He'll still see valuable time because of his strong on-ball defense and his familiarity with Miami's system. Also, he's just 25 and a breakout year remains at least a possibility.
Cole will likely show some growth in 2014-15 but perhaps not as much as Heat fans would desire.
Projections (per game): 7.5 points (43 FG%, 34 3P%), 3.5 assists and 1.5 rebounds
Reggie Williams, SG
With the Heat so thin at shooting guard, Williams is the favorite for the No. 2 job behind Wade.
Williams is not a solid all-around player, but he can hit threes, and that's basically all Miami will want from him. He will almost exclusively be utilized as a floor-spacer.
Williams is a career 37.1 percent shooter from beyond the arc.
Projections (per game): 4.0 points (43 FG%, 37 3P%), 1.25 rebounds and 0.5 assists
Danny Granger, SF
Granger comes to Miami with the opportunity to pull off one heck of a comeback story. The 31-year-old used to be one of the better small forwards in the league, but injuries have derailed his career to the point where he averaged just 8.2 points and 3.2 rebounds per game this past season.
Unfortunately for Granger, it's much more liklely he comes through with a repeat of last season than he returns to his 2010-11 level (18.7 points per game). His body simply isn't the same as it once was, and there's nothing he can do about it.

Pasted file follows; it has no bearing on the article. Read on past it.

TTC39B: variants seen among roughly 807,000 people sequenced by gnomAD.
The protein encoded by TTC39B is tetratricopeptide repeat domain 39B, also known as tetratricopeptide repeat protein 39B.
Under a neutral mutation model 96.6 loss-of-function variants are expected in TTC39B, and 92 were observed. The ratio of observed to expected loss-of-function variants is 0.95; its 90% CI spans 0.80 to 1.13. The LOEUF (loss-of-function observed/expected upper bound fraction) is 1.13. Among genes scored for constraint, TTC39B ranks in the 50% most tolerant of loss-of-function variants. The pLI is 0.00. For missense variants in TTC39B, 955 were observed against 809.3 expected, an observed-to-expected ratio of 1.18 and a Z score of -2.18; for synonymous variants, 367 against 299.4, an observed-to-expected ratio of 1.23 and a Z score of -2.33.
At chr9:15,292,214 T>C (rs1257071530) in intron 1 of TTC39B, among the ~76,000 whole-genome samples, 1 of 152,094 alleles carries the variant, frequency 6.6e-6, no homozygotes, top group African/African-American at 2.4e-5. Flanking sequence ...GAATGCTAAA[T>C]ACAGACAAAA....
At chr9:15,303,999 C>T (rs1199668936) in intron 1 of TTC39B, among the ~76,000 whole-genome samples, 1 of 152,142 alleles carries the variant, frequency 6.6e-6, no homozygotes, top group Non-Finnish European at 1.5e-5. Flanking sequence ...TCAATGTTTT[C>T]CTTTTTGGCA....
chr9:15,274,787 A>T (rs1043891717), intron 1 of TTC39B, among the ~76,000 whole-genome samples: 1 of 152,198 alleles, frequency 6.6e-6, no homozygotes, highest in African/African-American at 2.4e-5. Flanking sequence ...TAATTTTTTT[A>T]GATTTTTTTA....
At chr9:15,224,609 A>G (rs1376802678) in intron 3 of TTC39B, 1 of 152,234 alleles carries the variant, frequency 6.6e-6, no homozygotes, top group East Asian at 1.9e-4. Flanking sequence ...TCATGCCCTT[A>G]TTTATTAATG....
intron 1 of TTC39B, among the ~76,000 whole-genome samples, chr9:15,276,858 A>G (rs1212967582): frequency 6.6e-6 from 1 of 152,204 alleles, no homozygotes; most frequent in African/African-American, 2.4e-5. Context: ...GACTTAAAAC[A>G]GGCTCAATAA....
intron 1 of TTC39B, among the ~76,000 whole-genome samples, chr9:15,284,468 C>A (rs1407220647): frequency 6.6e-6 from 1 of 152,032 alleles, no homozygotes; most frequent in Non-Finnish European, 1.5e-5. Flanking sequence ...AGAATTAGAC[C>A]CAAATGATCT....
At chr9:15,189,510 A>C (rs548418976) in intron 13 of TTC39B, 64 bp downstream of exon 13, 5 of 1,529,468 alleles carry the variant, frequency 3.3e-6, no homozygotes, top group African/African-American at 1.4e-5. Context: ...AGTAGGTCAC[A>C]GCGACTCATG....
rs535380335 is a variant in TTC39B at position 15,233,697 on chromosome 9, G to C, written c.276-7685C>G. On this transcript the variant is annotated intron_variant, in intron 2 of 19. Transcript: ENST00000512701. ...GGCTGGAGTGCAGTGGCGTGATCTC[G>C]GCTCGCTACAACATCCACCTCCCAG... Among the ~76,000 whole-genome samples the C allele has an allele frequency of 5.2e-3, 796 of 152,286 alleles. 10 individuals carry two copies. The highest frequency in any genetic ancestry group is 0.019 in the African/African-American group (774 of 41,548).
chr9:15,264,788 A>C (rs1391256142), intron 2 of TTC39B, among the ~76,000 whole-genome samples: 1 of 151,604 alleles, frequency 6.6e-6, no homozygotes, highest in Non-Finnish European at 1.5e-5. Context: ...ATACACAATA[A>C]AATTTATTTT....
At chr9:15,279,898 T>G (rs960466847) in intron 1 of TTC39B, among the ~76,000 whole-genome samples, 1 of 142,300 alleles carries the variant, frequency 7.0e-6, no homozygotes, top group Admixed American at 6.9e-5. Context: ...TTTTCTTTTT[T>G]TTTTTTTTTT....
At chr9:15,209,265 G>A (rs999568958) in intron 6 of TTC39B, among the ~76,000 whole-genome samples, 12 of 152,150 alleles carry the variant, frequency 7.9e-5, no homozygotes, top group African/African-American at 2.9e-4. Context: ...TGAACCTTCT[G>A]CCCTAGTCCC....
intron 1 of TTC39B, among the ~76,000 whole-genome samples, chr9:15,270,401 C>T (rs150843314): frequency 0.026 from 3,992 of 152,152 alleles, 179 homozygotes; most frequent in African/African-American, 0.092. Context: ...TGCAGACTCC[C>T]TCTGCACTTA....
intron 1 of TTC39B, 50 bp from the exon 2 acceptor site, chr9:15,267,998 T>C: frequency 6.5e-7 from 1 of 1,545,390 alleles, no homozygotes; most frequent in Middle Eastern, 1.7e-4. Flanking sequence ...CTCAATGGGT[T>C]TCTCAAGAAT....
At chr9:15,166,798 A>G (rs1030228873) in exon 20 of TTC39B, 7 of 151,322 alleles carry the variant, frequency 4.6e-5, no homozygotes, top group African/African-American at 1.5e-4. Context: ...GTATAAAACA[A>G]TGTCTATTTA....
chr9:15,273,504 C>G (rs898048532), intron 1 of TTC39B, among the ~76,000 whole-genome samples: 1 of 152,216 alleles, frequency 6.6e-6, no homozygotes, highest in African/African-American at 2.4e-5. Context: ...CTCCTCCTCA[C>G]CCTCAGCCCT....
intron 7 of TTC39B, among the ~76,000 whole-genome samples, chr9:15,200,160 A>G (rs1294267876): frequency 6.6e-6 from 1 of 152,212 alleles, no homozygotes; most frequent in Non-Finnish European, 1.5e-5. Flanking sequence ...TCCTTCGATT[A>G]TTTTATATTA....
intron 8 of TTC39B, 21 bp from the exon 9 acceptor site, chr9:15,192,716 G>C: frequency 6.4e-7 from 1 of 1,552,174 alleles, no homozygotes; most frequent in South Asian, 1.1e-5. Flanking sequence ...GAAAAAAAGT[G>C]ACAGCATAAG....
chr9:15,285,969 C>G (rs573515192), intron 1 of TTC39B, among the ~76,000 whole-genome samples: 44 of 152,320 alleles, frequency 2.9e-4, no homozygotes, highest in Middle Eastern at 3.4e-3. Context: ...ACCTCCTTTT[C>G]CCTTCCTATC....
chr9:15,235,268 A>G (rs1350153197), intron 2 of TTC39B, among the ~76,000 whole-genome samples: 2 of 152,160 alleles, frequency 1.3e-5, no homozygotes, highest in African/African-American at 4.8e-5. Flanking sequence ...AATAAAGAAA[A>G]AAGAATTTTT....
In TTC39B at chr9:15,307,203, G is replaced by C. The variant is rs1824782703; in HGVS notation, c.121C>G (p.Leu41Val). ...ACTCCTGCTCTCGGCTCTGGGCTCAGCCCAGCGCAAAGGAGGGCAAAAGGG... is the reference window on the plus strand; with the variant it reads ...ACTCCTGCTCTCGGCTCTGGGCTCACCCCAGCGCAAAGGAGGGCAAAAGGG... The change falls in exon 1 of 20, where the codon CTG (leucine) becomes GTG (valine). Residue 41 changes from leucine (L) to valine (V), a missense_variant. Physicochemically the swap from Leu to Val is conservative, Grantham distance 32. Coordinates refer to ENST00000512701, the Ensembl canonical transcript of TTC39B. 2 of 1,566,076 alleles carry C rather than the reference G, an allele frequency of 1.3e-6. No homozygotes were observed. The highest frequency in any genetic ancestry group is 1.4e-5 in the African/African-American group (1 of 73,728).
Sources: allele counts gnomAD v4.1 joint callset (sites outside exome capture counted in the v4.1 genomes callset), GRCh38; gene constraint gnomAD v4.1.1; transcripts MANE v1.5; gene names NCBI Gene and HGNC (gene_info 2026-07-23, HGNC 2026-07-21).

Projections (per game): 7.5 points (43 FG%, 33 3P%), 3.0 rebounds and 1.5 assists
Udonis Haslem, PF
Unfortunately for Miami fans, Haslem is another player who is clearly on the decline.
Once a key player for the Heat, the 34-year-old averaged just 3.8 points and 3.8 rebounds last season. His defense and mid-range game have also taken a significant step back.
Still, Haslem's tough and physical style should earn him a regular role on this team.
Projections (per game): 4.5 points (47 FG%) and 4.0 rebounds
Chris Andersen, C
Andersen didn't have a strong showing in the 2014 NBA Finals, but he proved throughout the 2013-14 regular season that he's still an enormous asset despite his age (he's now 36). He averaged 6.6 points (64.4 percent shooting from the floor), 5.3 rebounds and 1.3 blocks per game.
Andersen remains the perfect backup center behind Bosh due to his high-energy style and ability to contribute on both ends of the floor. We might start to see some drop-off in production from him, because Father Time waits for no one, but nothing substantial.
Projections (per game): 6.0 points (62 FG%), 5.0 rebounds, 1.0 block
Starting PG: Mario Chalmers
Mario Chalmers is in store for a big 2014-15 season.
Yes, the 27-year-old was terrible for Miami versus the San Antonio Spurs in the 2014 NBA Finals, but he had a solid regular season and has developed into a pretty good player. He averaged 9.8 points (45.4 percent shooting from the field and 38.5 percent from three), 4.9 assists and 1.9 steals in 73 games.
With LeBron James gone, Chalmers will be relied on to create more for others and for himself, which should lead to more assists and points in 2014-15. He won't be as efficient without James creating easy looks for him (nobody on Miami will), but he'll still finish at the rim and convert jumpers at a more-than-acceptable rate.